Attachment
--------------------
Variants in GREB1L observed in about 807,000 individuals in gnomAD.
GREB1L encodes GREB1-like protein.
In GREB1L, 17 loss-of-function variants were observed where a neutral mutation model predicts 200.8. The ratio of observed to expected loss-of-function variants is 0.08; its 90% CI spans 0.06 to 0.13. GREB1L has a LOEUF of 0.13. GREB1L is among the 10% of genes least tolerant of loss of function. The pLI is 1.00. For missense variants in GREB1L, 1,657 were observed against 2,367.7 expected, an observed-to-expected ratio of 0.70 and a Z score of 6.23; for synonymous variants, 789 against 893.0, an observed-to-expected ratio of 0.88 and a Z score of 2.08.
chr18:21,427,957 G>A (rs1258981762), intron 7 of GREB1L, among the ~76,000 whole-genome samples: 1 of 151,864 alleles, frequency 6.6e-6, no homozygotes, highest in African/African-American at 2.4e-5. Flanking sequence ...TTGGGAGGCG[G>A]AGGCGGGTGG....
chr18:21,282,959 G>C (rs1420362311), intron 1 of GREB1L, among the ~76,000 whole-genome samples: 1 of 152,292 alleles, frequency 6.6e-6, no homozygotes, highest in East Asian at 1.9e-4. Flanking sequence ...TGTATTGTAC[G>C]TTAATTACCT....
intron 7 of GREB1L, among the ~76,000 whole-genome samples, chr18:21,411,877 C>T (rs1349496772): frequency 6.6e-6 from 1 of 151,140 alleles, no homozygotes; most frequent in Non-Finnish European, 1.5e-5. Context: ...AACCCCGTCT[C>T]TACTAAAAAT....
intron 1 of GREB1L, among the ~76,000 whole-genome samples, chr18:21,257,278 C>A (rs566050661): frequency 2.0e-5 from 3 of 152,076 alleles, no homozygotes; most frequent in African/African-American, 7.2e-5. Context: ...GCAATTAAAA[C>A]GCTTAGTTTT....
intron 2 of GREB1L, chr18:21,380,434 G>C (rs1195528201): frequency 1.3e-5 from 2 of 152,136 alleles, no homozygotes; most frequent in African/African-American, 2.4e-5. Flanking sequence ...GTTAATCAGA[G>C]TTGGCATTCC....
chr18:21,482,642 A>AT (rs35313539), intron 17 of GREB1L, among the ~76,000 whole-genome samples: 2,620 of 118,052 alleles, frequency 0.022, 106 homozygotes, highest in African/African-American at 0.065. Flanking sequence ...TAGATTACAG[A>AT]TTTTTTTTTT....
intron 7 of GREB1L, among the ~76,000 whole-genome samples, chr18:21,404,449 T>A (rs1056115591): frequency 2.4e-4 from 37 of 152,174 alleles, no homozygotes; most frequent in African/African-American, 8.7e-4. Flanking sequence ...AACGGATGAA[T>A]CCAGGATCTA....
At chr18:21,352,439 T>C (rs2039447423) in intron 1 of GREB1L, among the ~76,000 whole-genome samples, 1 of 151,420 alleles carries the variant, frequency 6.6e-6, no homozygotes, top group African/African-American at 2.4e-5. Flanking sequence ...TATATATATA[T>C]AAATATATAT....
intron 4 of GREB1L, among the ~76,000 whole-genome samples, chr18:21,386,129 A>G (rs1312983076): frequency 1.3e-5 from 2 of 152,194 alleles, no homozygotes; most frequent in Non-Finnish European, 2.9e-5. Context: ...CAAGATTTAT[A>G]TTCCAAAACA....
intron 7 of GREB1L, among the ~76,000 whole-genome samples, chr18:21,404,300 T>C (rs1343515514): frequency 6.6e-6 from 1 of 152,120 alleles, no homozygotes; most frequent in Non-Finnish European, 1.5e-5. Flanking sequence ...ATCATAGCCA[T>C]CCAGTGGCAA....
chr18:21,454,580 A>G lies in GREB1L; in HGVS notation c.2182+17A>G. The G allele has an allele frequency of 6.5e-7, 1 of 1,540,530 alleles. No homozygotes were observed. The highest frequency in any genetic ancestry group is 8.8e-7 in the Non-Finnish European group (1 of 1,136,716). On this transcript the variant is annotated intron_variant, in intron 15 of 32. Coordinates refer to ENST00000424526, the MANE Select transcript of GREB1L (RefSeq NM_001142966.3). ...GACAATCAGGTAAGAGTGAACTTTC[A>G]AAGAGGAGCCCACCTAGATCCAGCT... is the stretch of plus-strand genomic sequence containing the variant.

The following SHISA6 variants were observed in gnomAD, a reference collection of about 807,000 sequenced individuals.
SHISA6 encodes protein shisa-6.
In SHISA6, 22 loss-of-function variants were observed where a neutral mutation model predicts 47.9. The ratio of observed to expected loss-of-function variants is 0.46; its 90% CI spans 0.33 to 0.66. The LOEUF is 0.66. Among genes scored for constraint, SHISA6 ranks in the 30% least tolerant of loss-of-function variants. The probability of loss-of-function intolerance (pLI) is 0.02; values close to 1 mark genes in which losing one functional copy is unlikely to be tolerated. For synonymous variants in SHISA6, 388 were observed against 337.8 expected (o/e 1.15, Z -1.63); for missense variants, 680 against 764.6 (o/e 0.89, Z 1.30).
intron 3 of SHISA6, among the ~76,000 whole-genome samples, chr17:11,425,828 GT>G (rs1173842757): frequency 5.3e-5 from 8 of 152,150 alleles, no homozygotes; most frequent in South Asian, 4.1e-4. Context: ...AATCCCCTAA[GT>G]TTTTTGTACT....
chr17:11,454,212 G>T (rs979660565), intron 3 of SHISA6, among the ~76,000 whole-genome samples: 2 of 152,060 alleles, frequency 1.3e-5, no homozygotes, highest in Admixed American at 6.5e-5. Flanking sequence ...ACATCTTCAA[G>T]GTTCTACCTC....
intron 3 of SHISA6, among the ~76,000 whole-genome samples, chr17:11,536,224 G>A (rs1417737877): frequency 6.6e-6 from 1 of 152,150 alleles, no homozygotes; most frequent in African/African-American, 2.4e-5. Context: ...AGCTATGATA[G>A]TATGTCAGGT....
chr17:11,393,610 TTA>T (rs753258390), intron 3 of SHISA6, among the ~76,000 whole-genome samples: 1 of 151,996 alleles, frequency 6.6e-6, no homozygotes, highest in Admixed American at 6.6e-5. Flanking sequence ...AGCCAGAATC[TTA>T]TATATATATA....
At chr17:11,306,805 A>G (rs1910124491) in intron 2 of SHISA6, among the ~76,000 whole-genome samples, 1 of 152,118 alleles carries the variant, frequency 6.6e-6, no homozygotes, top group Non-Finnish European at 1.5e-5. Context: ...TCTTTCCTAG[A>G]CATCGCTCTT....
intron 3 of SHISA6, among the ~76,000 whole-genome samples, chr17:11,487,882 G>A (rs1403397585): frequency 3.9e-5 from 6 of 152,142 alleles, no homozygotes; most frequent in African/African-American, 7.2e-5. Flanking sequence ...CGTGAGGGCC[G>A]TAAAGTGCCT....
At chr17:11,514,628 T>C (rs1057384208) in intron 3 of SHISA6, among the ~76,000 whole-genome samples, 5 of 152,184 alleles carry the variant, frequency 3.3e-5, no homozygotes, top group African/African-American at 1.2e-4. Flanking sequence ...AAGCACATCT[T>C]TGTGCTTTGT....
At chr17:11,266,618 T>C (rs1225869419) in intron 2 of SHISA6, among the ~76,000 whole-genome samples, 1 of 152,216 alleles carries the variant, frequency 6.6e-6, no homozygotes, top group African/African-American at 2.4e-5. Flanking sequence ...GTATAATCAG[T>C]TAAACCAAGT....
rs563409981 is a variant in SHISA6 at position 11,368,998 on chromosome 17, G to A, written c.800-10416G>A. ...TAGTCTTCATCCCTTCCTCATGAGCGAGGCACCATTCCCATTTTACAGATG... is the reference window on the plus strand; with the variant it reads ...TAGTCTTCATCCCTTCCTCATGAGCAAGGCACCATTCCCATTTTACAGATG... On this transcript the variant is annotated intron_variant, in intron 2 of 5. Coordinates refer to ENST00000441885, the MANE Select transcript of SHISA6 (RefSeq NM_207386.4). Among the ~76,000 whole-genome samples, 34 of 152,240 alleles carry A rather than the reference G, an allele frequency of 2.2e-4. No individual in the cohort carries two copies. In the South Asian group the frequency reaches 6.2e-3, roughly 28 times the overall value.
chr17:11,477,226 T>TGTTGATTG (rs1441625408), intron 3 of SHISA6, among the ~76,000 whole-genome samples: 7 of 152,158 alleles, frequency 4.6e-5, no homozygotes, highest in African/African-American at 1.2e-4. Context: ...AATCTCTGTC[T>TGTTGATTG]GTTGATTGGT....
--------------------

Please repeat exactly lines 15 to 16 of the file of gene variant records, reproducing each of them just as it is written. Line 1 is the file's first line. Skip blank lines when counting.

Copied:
The following SHISA6 variants were observed in gnomAD, a reference collection of about 807,000 sequenced individuals.
SHISA6 encodes protein shisa-6.